Legislature(2003 - 2004)
04/05/2004 01:27 PM RES
* first hearing in first committee of referral
= bill was previously heard/scheduled
= bill was previously heard/scheduled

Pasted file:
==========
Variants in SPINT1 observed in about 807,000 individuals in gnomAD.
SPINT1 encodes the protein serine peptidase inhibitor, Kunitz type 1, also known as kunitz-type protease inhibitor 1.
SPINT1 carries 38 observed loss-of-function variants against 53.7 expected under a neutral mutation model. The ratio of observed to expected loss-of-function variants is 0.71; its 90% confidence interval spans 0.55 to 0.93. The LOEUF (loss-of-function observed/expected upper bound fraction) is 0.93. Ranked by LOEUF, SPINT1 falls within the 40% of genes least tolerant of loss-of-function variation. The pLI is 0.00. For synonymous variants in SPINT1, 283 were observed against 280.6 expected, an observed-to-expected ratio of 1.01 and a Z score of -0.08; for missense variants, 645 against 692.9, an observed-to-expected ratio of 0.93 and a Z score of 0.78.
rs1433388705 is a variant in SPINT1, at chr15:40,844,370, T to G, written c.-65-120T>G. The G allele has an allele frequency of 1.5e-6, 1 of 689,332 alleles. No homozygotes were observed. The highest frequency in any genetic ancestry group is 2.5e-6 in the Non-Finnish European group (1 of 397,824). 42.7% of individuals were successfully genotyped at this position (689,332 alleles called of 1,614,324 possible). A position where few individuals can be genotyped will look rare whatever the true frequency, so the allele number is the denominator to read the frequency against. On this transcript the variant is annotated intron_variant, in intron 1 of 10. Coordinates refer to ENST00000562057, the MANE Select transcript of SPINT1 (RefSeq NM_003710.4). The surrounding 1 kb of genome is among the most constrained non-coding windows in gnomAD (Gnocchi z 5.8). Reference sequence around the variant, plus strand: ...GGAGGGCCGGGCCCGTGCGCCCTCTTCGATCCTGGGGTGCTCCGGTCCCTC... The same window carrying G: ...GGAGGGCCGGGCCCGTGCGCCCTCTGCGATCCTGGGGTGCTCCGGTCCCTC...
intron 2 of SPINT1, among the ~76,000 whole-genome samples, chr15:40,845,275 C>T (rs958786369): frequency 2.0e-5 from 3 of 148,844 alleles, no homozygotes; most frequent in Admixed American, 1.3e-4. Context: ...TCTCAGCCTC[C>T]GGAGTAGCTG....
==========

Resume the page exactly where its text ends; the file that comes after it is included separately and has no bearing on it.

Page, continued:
ALASKA STATE LEGISLATURE HOUSE RESOURCES STANDING COMMITTEE April 5, 2004 1:27 p.m. MEMBERS PRESENT Representative Nancy Dahlstrom, Co-Chair Representative Beverly Masek, Co-Chair Representative Cheryll Heinze, Vice Chair Representative Carl Gatto Representative Bob Lynn Representative Nick Stepovich Representative Kelly Wolf Representative Beth Kerttula Representative David Guttenberg MEMBERS ABSENT All members present COMMITTEE CALENDAR HOUSE BILL NO. 546 "An Act relating to regulation of the discharge of pollutants from timber-related activities under the National Pollutant Discharge Elimination System; relating to waste treatment and disposal permits; making conforming amendments; and providing for an effective date." - MOVED HB 546 OUT OF COMMITTEE HOUSE BILL NO. 309 "An Act prohibiting the release of nonindigenous predatory fish into public water." - HEARD AND HELD PREVIOUS COMMITTEE ACTION BILL: HB 546 SHORT TITLE: POLLUTION DISCHARGE & WASTE TRMT/DISPOSAL SPONSOR(S): RULES BY REQUEST OF THE GOVERNOR 03/25/04 (H) READ THE FIRST TIME - REFERRALS 03/25/04 (H) RES, JUD 04/05/04 (H) RES AT 1:00 PM CAPITOL 124 BILL: HB 309 SHORT TITLE: PROHIBIT RELEASE OF PREDATORY FISH SPONSOR(S): REPRESENTATIVE(S) WOLF 05/08/03 (H) READ THE FIRST TIME - REFERRALS 05/08/03 (H) FSH, RES 05/16/03 (H) FSH AT 7:30 AM CAPITOL 124 05/16/03 (H) Heard & Held 05/16/03 (H) MINUTE(FSH) 03/22/04 (H) FSH AT 9:00 AM CAPITOL 124 03/22/04 (H) Moved CSHB 309(FSH) Out of Committee 03/22/04 (H) MINUTE(FSH) 03/24/04 (H) FSH RPT CS(FSH) NT 3DP 2NR 03/24/04 (H) DP: GARA, WILSON, SEATON; NR: OGG, 03/24/04 (H) GUTTENBERG 03/31/04 (H) RES AT 1:00 PM CAPITOL 124 03/31/04 (H) Heard & Held 03/31/04 (H) MINUTE(RES) 04/01/04 (H) JUD REFERRAL ADDED AFTER RES 04/05/04 (H) RES AT 1:00 PM CAPITOL 124 WITNESS REGISTER ERNESTA BALLARD, Commissioner Department of Environmental Conservation (DEC) Juneau, Alaska POSITION STATEMENT: Presented HB 546. DAN EASTON, Director Division of Water Department of Environmental Conservation Juneau, Alaska POSITION STATEMENT: Answered questions relating to HB 546. OWEN GRAHAM, Executive Director Alaska Forest Association Ketchikan, Alaska POSITION STATEMENT: Testified in favor of HB 546. JONATHAN TILLINGHAST, Attorney at Law Simpson, Tillinghast, Sorensen & Longenbaugh Lobbyist for Sealaska Corporation Juneau, Alaska POSITION STATEMENT: Testified in support of HB 546. MYRL THOMPSON, Member Ogan is So Gone Wasilla, Alaska POSITION STATEMENT: Testified during the discussion of HB 546. ACTION NARRATIVE TAPE 04-18, SIDE A Number 0001 CO-CHAIR NANCY DAHLSTROM called the House Resources Standing Committee meeting to order at 1:27 p.m. Representatives Dahlstrom, Masek, Gatto, Lynn, Wolf, Guttenberg, and Kerttula were present at the call to order. Representatives Heinze and Stepovich arrived as the meeting was in progress. HB 546-POLLUTION DISCHARGE & WASTE TRMT/DISPOSAL Number 0080 CO-CHAIR DAHLSTROM announced that the first order of business would be HOUSE BILL NO. 546, "An Act relating to regulation of the discharge of pollutants from timber-related activities under the National Pollutant Discharge Elimination System; relating to waste treatment and disposal permits; making conforming amendments; and providing for an effective date." Number 0148 ERNESTA BALLARD, Commissioner, Department of Environmental Conservation, (DEC), presented HB 546 on behalf of the Office of the Governor. She said she and the governor are extremely interested in the National Pollutant Discharge Elimination System (NPDES) program because it is the core tool that the state should have available to it to fulfill its responsibilities under the Clean Water Act (CWA). COMMISSIONER BALLARD explained that HB 546 would instruct DEC to seek primacy, the primary responsibility from the U.S. Environmental Protection Agency (EPA) for permitting just timber-related waste discharges under the federal NPDES program. Upon approval, DEC and not EPA would issue discharge permits for the timber-industry sector in Alaska, she explained. The NPDES program actually covers a number of important industry sectors including not just timber, but also seafood, mining, oil and gas, and municipal sewage treatment facilities, which would remain under the jurisdiction of EPA. COMMISSIONER BALLARD said this bill is simply a partial-primacy bill and gives DEC an opportunity to work out the method of assuming primacy in an industry sector where DEC has better expertise than EPA does. It is the state water quality standards and certification of a federal permit that allow the site-specific and risk-based conditions that make all of these permits possible and feasible in the unique circumstances that DEC encounters in Alaska, she said. COMMISSIONER BALLARD went on to say that with a partial-primacy program, the other industry sectors have the opportunity to see how DEC approaches the regulations and works with EPA in a primacy situation. Referring to a letter of support from the Resource Development Council (RDC), she said DEC has worked closely with other industry sectors to ensure that there wouldn't be industry opposition to a partial-primacy approach. Number 0342 COMMISSIONER BALLARD said primacy has a number of advantages. Referring to a DEC handout entitled "Partial NPDES Primacy for Timber-Related Wastewater Discharges," she said the most important expected benefit is that giving DEC primacy even just for the timber industry would begin a move toward holding Alaskans accountable to Alaskans for this extremely important activity in developing resources and protecting the environment. COMMISSIONER BALLARD, noting that the mission priorities, level of effort, and performance measures in DEC's regulatory programs are subject to annual review and approval by the legislature, an extremely important process, added, "As long as EPA retains primacy, that opportunity is lost to Alaskans. The planning and budgeting for a federally run NPDES program does not offer this opportunity for state comment and control." Noting that a second important benefit is that a state-run program focuses on results, not process, she explained: The state tools in our water quality standards allow us to do site-specific and risk-based permitting. We can adjust mixing zones, site-specific criteria, and naturally occurring conditions. We can look at issues that pertain to the circumstances of the discharge and write a permit that suits that discharge, and we are not bound by a single, common approach by all permits. This ability has allowed us to work with situations which are unfamiliar to the EPA staff, as they are not Alaskans, they're not here, they're not on the ground, and they're not often able to travel to the locations where the permits actually are located. Number 0580 REPRESENTATIVE WOLF asked how many positions would be increased. He said he sees one position in the fiscal note and a contractual amount of $300,000 in fiscal years 2005 and 2006. CO-CHAIR DAHLSTROM noted the presence of Representatives Heinze and Stepovich. Number 0668 DAN EASTON, Director, Division of Water, Department of Environmental Conservation, said a large part of [the amount] is for contractual legal assistance through the Department of Law (DOL) and for technical assistance. REPRESENTATIVE WOLF asked if, in two years, that amount would drop to less than 15 percent. COMMISSIONER BALLARD replied that it would take two years to write the regulations to implement the new statutory authority; once those are adopted, those requirements go away. Number 0707 REPRESENTATIVE STEPOVICH spoke in favor of giving the state more control over discharge permits. He asked what problems would be alleviated by this bill. COMMISSIONER BALLARD replied that 45 of 50 states have assumed primacy. The Clean Water Act is structured on the premise that states would assume primacy and run their own water discharge programs. Alaska is only one of five states that have not taken that step. She said EPA is responsible for writing, administrating, and enforcing water discharge permits for industry. That program has been barely satisfactory in recent years, she opined; it is understaffed, and processing permits took years. It will not cost the state less, but more, to run its own program, but it will provide timely responses to permit applicants, she concluded. REPRESENTATIVE STEPOVICH said it will cost the state more, but surmised that more will get done and the safety concerns will all be met. He remarked, "It sounds like we can go after the resources in a safe manner, and we can finally do that instead of doing nothing and sitting on our hands." COMMISSIONER BALLARD responded that DEC has not been "sitting on our hands," and, ironically, the federal CWA has two pertinent sections to these permits: Section 402, which writes the permit, and Section 401, which is the requirement that a federally issued permit or any permit is certified to maintain state water quality standards, and DEC provides that certification. The way that the program presently runs is this: the federal government proposes the permit, and then DEC goes through a second process, side-by-side, to certify that the federal permit will meet state water quality standards. She said DEC's water quality standards are already the basis for the federal permits, as well as the state permits, and there are often differences in interpretation of standards; this leads to protracted debates between EPA and DEC. Number 1038 REPRESENTATIVE GATTO pointed to the analysis in the fiscal note where it says the bill directs DEC to seek authority from EPA. He asked if the bill is simply requesting EPA to "turn over the reins" to DEC. COMMISSIONER BALLARD replied that it is slightly more complicated than that. Before EPA will even receive a request, it needs assurance that DEC has adequate statutory authority, and there are a few small fixes in this bill. She explained: It's primarily an amendment to our core permitting statutory authorities. Those fixes are necessary to get the question asked, and they primarily have to do with our ability to charge fees, to fine, and to hold people negligent at the criminal level. Without those authorities, EPA would be inclined to say, "The state legislature hasn't really given you enough authority. We're not ready to talk yet." This bill gives us all the authorities we need to be ready to talk; then we spend ... the next period of months working out with EPA all of the requirements that they will hold us to before they release the reins. You have to demonstrate that you have equestrian skills before the reins are put in your hands. Number 1133 REPRESENTATIVE GUTTENBERG said, "Why don't we grab the whole pizza instead of just taking the slice that says timber?" COMMISSIONER BALLARD said that was the department's original intent, but it was unable in the first year of this administration to successfully address all of the questions of all of the industry sectors, a number of which first wanted to see how this new program works out. The timber industry was ready, she said, and DEC and EPA had agreed to go ahead and pilot it. REPRESENTATIVE GUTTENBERG asked what it meant that the timber industry was ready. COMMISSIONER BALLARD said that the timber industry's major permitting issue is the log transfer facility (LTF), of which there are just under 100, divided among the U.S. Forest Service, Native corporations, and a few municipal facilities. The last five years have been characterized by pretty intensive effort on the part of the state and federal permitting staffs to understand and properly permit these LTFs. Most of the work has been done by DEC, which has the expertise, she said. That's why it makes sense to go ahead in the timber industry, where there is clearly established technical and regulatory excellence. REPRESENTATIVE GUTTENBERG asked if this is limited to transfer facilities, not sawmills and other discharge processors. COMMISSIONER BALLARD answered that the statute is for all timber-industry activities, the bulk of which are LTFs. Number 1310 REPRESENTATIVE HEINZE asked Commissioner Ballard to further describe pollutants. COMMISSIONER BALLARD replied that the principal issue in the timber industry is the residue from log loading and log handling, which is bark and chips. She said what is being discussed is the effects of wood in the marine environment: the bark that has fallen, the pile that has accumulated, the proper management of that pile, and the degree to which that pile influences the sea floor on which it sits and the water column above it. REPRESENTATIVE HEINZE asked if the resins in the bark are poisonous to marine life. COMMISSIONER BALLARD replied that the principal environmental issue is the smothering of the benthic community and the degree to which that smothering might have a population-level impact versus a site-specific impact. There are compounds that ultimately might result from the breakdown of that wood, and those issues would also be covered, as they are now, as the water quality standards are applied to the permitting of LTFs, she related. REPRESENTATIVE STEPOVICH remarked, "Safely and by the book, we make sure that the water's fine." He asked if the bill would speed up the permitting process. COMMISSIONER BALLARD said yes. Number 1440 REPRESENTATIVE GATTO asked if there is a solution to correct the problem after the bark and residue have polluted the water. COMMISSIONER BALLARD said the ideal permitting program would anticipate such issues before permitting to begin with, in order to protect the life of the benthic community and the water column. Once wood debris is on the floor, there are relatively few opportunities to correct it, such as capping it or dredging it, she added. REPRESENTATIVE GATTO asked if both fresh water and salt water are being addressed. COMMISSIONER BALLARD replied yes, it is a comprehensive program, but said she couldn't recall a freshwater impact. REPRESENTATIVE GATTO suggested an accidental discharge into fresh water such as a river. COMMISSIONER BALLARD said the bill would cover it, and added that The New York Times had referred to Tongass Narrows as a river. REPRESENTATIVE WOLF suggested that the icing in fresh water would deal with the wood debris and tannic acid byproducts. COMMISSIONER BALLARD said if there was an application for a log transfer in fresh water, DEC would take into consideration all of the site-specific characteristics including temperature. Number 1613 REPRESENTATIVE KERTTULA asked if any other states split out industries in getting their primacy programs in place. COMMISSIONER BALLARD deferred to Mr. Tillinghast. She said she believes there have been other instances. REPRESENTATIVE KERTTULA referred to Section 5 of the bill, where it says notice can be given of the availability of a draft permit. She asked if that is a real change and requested clarification. COMMISSIONER BALLARD said it is a real change, and it conforms to all of DEC's other permitting programs. It makes sense for DEC to notice a draft permit and not an application, she suggested. A good deal of work normally goes into perfecting an application, and it is inappropriate to encourage comment on something that DEC has not acknowledged as a completed and acceptable application, she explained. Number 1745 REPRESENTATIVE GUTTENBERG asked what the status of the LTFs is and how the bill would affect permitting them. COMMISSIONER BALLARD replied that LTFs in the state currently are permitted by EPA under a general permit. If the statute is passed, a transition period will be negotiated that will move those permits into DEC's jurisdiction, and the permit applicants will not be disadvantaged by that, she opined. At renewal time, DEC would be the responsible party for renewal, and there would be a continuity of permit coverage through the transition. REPRESENTATIVE GATTO inquired if the disposal of sawdust is covered by this bill. COMMISSIONER BALLARD said [HB 546] would authorize DEC to assume primacy for all timber-industry activities. REPRESENTATIVE GATTO said the question comes up between clean air and clean water, and many times sawdust is simply incinerated, and sometimes there is a conflict. He stated support for the bill. COMMISSIONER BALLARD said DEC is the agency for jurisdiction for air also, and one advantage to having state primacy is that a situation like that is taken into consideration all the time. Number 1921 OWEN GRAHAM, Executive Director, Alaska Forest Association, spoke in favor of HB 546, saying it will help ensure that site- specific permits take into account local conditions. He also said it is an opportunity to achieve water quality goals that the state has while streamlining the permitting process. REPRESENTATIVE GUTTENBERG asked Mr. Graham how he feels about shifting the costs over to the industry. MR. GRAHAM said he has talked to DEC about it, and the costs don't seem to be prohibitive for the large companies. He added that his organization may ask the state for an exemption for some of the smaller operations. Number 2015 JONATHAN TILLINGHAST, Attorney at Law, Simpson, Tillinghast, Sorensen & Longenbaugh, Lobbyist for Sealaska Corporation, commented on the terms and limitations in the current general permitting for LTFs with the hope of putting some of the concerns about the discharge to rest. The general permit only authorizes discharges into salt water where there is strong tidal flushing so that the bark disperses, he said. The site cannot be located close to fish habitat or concentrated shellfish beds. These guidelines were developed back in the '80s by a team of federal, state, and private scientists called the Alaska Timber Task Force, he explained. The permit also provides that if the bark pile should ever exceed an acre, remediation is required, he noted. MR. TILLINGHAST responded to the question of whether the bark leaches toxic chemicals. He referred to a two-year adjudication of that issue, saying experts had testified and an independent hearing had led to the conclusion that if the terms of the general permit are in compliance, toxic chemicals won't be leached. Number 2175 MR. TILLINGHAST related that now two permits are needed, one from EPA and one from the state. The Clean Water Act does give states the opportunity to put that package together and have the state issue the whole thing, but Alaska is one of five states that have not done that, he said. Worse than needing two permits is that if someone wants to challenge the permit, that person can file two overlapping, duplicative legal proceedings, one in front of a state hearing officer and the other before the 9th Circuit Court of Appeals. MR. TILLINGHAST said the 9th Circuit Court of Appeals proceedings have caused concern for many reasons. If this bill passes, the federal judiciary is taken out of the process entirely, and any challenge to the permit would be heard exclusively through the state process. Another advantage is that primacy "defederalizes" the permit decision and it becomes exclusively a state action; therefore, the possibility of having to do an environmental impact statement goes away, which significantly streamlines the permit process. MR. TILLINGHAST emphasized that primacy is a big deal; for some industries, it may significantly change the way that permits are issued, but it's hard for those industries to predict how that is going to happen. Timber just has one general permit that DEC has already spent two years adjudicating and working on, and so all of the expertise is in Alaska already, he explained. If the NPDES program for the oil industry is changed, refinery permits would need to be dealt with, which would involve difficult engineering issues, as opposed to LTF permits, which are more straightforward, he said. Number 2391 REPRESENTATIVE KERTTULA asked if the 9th Circuit Court of Appeals has original jurisdiction. MR. TILLINGHAST explained that a person doesn't even get an administrative hearing in front of EPA; it goes straight from the administrator's pre-adjudicatory decision to a three-judge panel in the 9th Circuit Court of Appeals. REPRESENTATIVE KERTTULA opined that [HB 546] is a good change. She asked for Mr. Tillinghast's take on LTFs and wondered if the streamlining still allowed for environmental protection. MR. TILLINGHAST replied that the concerns that underlie the Endangered Species Act and the Essential Fish Habitat Program are in the state standards already and have been applied quite awhile. Number 2518 MYRL THOMPSON, Member, Ogan is So Gone, Wasilla, inquired what the difference is between the cost of the EPA permit versus the DEC proposal. He also asked about the funding cuts in [coal bed methane] regulations and how this program could afford to be funded. He asked how many timber-related permits had been issued in recent years. He wondered if the tidal movement would move the bark out where it could collect away from the one-acre area, and whether the streamlined process means less public notice and public input. COMMISSIONER BALLARD replied that she didn't have in front of her the schedule of the costs associated with the present timber program, but she explained what the costs would be under primacy. Currently, EPA doesn't charge for the service it provides to run the NPDES program, except through income tax. However, DEC charges a fee for certification and for general fund support. She said EPA won't provide any money to the state to run a primacy program, so those costs would have to be split between a general fund appropriation, which would be sought from the legislature, and fee income. This particular industry would not have excessive costs associated with it, because a general permit would continue to be used for the 98 LTFs currently eligible for participation, she added. They would all share the cost of the one general permit. Number 2708 COMMISSIONER BALLARD went on to say EPA favors states that take primacy, and there is a $40,000 grant available, which would be split between the two years; that would bear a significant cost of writing the regulations. Responding to the question about bark, Commissioner Ballard said the general permit currently requires, as would a state permit, observation that is performed through a dive. There is a protocol for diving; if there is movement of the bark, it would be noticed, she surmised, and reported in the dive survey. COMMISSIONER BALLARD said the streamlining mentioned earlier by Mr. Graham referred to the consolidation of the federal government with jurisdiction for Section 402 and the state government with jurisdiction for Section 401 processes, which means the permit applicant needs to deal with two separate agencies. The streamlining would be to consolidate the two sections of the Clean Water Act under the jurisdiction of DEC. REPRESENTATIVE GUTTENBERG asked whether the difference between fees generated and costs would be about $100,000 once the transition costs have been met. COMMISSIONER BALLARD affirmed that, saying it is about one staff person. REPRESENTATIVE GUTTENBERG asked if a second person would reduce expenses by bringing in more fee income because more work would be done. COMMISSIONER BALLARD replied that the new employee would be added to a program group of about 25 employees. REPRESENTATIVE GUTTENBERG asked about spreading around the $100,000 hole in general funds to get rid of it. COMMISSIONER BALLARD responded that the air program is more heavily permit-recipient funded than the water program is, so the legislature has dealt with such issues; from time to time, the balance has been shifted, which could be discussed at the time the program is implemented. Number 2882 REPRESENTATIVE HEINZE asked what the Department of Natural Resources (DNR) thinks of the bill. COMMISSIONER BALLARD said it is an administration bill and, by virtue of that, is supported by all departments. REPRESENTATIVE GATTO used the terms "biological oxygen demand" and "anaerobic decomposition" and asked about the effects that spread well beyond the acre [of bark]. He asked if those two terms were considered in the two-year study. COMMISSIONER BALLARD answered that those are among the parameters within the state water quality standards. The department is responsible to affirm that a permitted situation is likely to achieve state water quality standards. Therefore, the permitting authority has the responsibility to assert and demonstrate that the permit will achieve the state water quality standards. Number 2959 CO-CHAIR MASEK moved to report HB 546 out of committee [with individual recommendations and the accompanying fiscal notes]. [Not on tape, but reconstructed from the committee secretary's log notes, was that there was no objection and HB 546 was reported from the House Resources Standing Committee.] HB 309-PROHIBIT RELEASE OF PREDATORY FISH TAPE 04-18, SIDE B Number 2960 CO-CHAIR DAHLSTROM announced that the final order of business would be HOUSE BILL NO. 309, "An Act prohibiting the release of nonindigenous predatory fish into public water." [Before the committee, adopted as a work draft on 3/31/04, was Version W, labeled 23-LS1097\W, Utermohle, 3/23/04.] Number 2930 REPRESENTATIVE WOLF, sponsor of HB 309, said some legal questions had been brought forward at the last bill hearing, and he thought it would be appropriate for the bill to be reviewed by the House Judiciary Standing Committee. CO-CHAIR DAHLSTROM commended Representative Wolf for requesting that the bill receive another committee of referral, which she said she thought was appropriate. Number 2910 CO-CHAIR MASEK moved to report CSHB 309, Version 23-LS1097\W, Utermohle, 3/23/04, out of committee with individual recommendations and the accompanying fiscal notes, and asked for unanimous consent. REPRESENTATIVE GUTTENBERG objected. He asked if the bill had received a [referral] to the House Judiciary Standing Committee. CO-CHAIR DAHLSTROM answered yes. REPRESENTATIVE STEPOVICH expressed concerns that previously asked questions should be answered by the House Judiciary Standing Committee before the bill leaves committee. He asked what recourse there would be if the [$1,500 fine amount] wasn't changed in that committee. Number 2844 REPRESENTATIVE WOLF explained that he'd talked with the chair of the House Judiciary Standing Committee and had expressed concerns about [the amount of the fine]. He said he wanted to give the department a few more "teeth" with regard to catching people who are transporting live pike, because it is an issue that costs the State of Alaska a tremendous amount. He said $40,000 [the cost to ADF&G to exterminate yellow perch knowingly deposited in a lake on the Kenai Peninsula] isn't "small change." CO-CHAIR DAHLSTROM said she'd also had a conversation with members of the House Judiciary Standing Committee concerning several items such as the class C felony and the fine amount, and whether those are equitable and equal to the crime. She said she believes that committee is the appropriate place for [the bill] to go. She said it would then go to the floor and "if people don't feel right about it, it won't leave the floor." [HB 309 was held over. The motion to report CSHB 309, Version 23-LS1097\W, Utermohle, 3/23/04, out of committee was left pending with an objection.] ADJOURNMENT There being no further business before the committee, the House Resources Standing Committee meeting was adjourned at 2:18 p.m.